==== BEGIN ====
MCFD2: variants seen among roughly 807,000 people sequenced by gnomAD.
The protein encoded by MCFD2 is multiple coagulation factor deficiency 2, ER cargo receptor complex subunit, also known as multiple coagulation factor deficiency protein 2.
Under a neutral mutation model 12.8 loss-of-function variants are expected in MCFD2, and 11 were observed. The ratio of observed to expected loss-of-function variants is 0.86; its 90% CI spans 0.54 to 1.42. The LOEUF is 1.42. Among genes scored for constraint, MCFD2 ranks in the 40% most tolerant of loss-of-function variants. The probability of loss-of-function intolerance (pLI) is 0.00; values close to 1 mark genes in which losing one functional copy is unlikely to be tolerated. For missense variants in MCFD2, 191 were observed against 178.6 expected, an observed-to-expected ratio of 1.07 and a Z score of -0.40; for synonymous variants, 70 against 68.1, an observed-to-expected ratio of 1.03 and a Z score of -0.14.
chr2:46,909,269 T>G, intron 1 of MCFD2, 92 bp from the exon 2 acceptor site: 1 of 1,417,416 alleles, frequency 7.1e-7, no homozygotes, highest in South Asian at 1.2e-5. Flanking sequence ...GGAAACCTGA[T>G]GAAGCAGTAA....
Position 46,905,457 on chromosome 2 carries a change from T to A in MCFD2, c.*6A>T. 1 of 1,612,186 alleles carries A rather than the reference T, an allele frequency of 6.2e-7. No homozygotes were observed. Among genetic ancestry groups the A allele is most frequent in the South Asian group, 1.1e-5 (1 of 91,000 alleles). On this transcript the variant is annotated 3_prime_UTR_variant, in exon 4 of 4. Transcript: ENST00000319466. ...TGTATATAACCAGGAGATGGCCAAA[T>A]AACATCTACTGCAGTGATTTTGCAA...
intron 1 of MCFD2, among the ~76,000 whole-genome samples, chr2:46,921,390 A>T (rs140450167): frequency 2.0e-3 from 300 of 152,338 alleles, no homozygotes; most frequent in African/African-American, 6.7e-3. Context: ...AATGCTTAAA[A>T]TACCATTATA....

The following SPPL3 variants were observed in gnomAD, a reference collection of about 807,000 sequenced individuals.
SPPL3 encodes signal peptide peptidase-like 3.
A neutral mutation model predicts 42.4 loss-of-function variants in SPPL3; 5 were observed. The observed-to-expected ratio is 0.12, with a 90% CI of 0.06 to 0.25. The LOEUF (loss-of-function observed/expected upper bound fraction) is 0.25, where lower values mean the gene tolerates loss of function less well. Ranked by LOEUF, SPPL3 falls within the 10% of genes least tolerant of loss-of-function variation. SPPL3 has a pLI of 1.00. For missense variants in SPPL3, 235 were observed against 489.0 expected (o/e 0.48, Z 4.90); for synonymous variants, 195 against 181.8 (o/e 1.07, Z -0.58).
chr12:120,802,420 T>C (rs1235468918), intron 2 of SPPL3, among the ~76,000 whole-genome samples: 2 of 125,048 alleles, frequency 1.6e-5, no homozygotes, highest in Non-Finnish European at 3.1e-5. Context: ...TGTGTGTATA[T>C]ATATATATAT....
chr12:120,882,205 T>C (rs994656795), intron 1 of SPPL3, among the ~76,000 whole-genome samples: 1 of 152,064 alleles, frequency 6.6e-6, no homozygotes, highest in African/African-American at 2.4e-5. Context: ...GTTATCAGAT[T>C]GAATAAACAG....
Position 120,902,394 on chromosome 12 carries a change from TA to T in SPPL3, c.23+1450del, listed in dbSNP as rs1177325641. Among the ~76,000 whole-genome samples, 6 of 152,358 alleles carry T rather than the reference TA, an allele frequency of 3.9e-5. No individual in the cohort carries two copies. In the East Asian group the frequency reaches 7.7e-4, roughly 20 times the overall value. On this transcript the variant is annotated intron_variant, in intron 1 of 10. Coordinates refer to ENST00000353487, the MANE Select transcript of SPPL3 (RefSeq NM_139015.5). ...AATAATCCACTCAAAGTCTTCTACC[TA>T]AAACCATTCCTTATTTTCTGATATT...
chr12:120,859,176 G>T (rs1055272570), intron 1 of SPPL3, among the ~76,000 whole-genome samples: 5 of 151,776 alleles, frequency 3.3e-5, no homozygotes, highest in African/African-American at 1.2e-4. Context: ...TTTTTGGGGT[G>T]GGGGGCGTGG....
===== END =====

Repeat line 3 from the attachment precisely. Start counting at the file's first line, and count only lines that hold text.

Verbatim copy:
Under a neutral mutation model 12.8 loss-of-function variants are expected in MCFD2, and 11 were observed. The ratio of observed to expected loss-of-function variants is 0.86; its 90% CI spans 0.54 to 1.42. The LOEUF is 1.42. Among genes scored for constraint, MCFD2 ranks in the 40% most tolerant of loss-of-function variants. The probability of loss-of-function intolerance (pLI) is 0.00; values close to 1 mark genes in which losing one functional copy is unlikely to be tolerated. For missense variants in MCFD2, 191 were observed against 178.6 expected, an observed-to-expected ratio of 1.07 and a Z score of -0.40; for synonymous variants, 70 against 68.1, an observed-to-expected ratio of 1.03 and a Z score of -0.14.